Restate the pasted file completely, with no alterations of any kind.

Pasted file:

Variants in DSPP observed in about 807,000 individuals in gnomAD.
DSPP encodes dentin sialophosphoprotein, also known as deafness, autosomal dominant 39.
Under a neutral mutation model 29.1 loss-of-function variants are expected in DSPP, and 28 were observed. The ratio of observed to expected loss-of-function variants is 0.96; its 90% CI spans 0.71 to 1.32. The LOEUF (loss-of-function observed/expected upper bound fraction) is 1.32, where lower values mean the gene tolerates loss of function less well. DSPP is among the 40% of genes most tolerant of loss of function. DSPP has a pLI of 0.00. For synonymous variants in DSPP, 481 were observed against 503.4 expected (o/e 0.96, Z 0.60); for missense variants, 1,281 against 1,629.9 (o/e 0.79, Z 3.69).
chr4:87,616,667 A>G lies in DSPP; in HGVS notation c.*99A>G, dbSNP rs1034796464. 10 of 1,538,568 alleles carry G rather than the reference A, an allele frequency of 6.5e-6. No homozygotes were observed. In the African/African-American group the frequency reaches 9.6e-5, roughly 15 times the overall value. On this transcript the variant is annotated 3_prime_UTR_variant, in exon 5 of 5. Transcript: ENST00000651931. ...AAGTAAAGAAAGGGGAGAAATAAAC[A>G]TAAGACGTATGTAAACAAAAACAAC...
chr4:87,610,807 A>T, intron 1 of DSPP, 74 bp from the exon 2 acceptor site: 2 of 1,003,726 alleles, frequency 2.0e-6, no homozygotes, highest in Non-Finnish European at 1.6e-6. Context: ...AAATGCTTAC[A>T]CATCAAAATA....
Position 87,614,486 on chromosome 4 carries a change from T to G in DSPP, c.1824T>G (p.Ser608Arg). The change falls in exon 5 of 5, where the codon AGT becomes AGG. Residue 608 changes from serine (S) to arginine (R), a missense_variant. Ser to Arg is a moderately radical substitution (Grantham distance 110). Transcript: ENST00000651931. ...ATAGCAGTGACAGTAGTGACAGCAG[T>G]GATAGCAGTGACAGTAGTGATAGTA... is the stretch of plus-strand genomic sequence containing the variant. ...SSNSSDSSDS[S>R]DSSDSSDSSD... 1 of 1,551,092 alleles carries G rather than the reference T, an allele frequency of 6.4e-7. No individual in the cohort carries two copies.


Variants in DSPP observed in about 807,000 individuals in gnomAD.
DSPP encodes dentin sialophosphoprotein, also known as deafness, autosomal dominant 39.
Under a neutral mutation model 29.1 loss-of-function variants are expected in DSPP, and 28 were observed. The ratio of observed to expected loss-of-function variants is 0.96; its 90% CI spans 0.71 to 1.32. The LOEUF (loss-of-function observed/expected upper bound fraction) is 1.32, where lower values mean the gene tolerates loss of function less well. DSPP is among the 40% of genes most tolerant of loss of function. DSPP has a pLI of 0.00. For synonymous variants in DSPP, 481 were observed against 503.4 expected (o/e 0.96, Z 0.60); for missense variants, 1,281 against 1,629.9 (o/e 0.79, Z 3.69).
chr4:87,616,667 A>G lies in DSPP; in HGVS notation c.*99A>G, dbSNP rs1034796464. 10 of 1,538,568 alleles carry G rather than the reference A, an allele frequency of 6.5e-6. No homozygotes were observed. In the African/African-American group the frequency reaches 9.6e-5, roughly 15 times the overall value. On this transcript the variant is annotated 3_prime_UTR_variant, in exon 5 of 5. Transcript: ENST00000651931. ...AAGTAAAGAAAGGGGAGAAATAAAC[A>G]TAAGACGTATGTAAACAAAAACAAC...
chr4:87,610,807 A>T, intron 1 of DSPP, 74 bp from the exon 2 acceptor site: 2 of 1,003,726 alleles, frequency 2.0e-6, no homozygotes, highest in Non-Finnish European at 1.6e-6. Context: ...AAATGCTTAC[A>T]CATCAAAATA....
Position 87,614,486 on chromosome 4 carries a change from T to G in DSPP, c.1824T>G (p.Ser608Arg). The change falls in exon 5 of 5, where the codon AGT becomes AGG. Residue 608 changes from serine (S) to arginine (R), a missense_variant. Ser to Arg is a moderately radical substitution (Grantham distance 110). Transcript: ENST00000651931. ...ATAGCAGTGACAGTAGTGACAGCAG[T>G]GATAGCAGTGACAGTAGTGATAGTA... is the stretch of plus-strand genomic sequence containing the variant. ...SSNSSDSSDS[S>R]DSSDSSDSSD... 1 of 1,551,092 alleles carries G rather than the reference T, an allele frequency of 6.4e-7. No individual in the cohort carries two copies.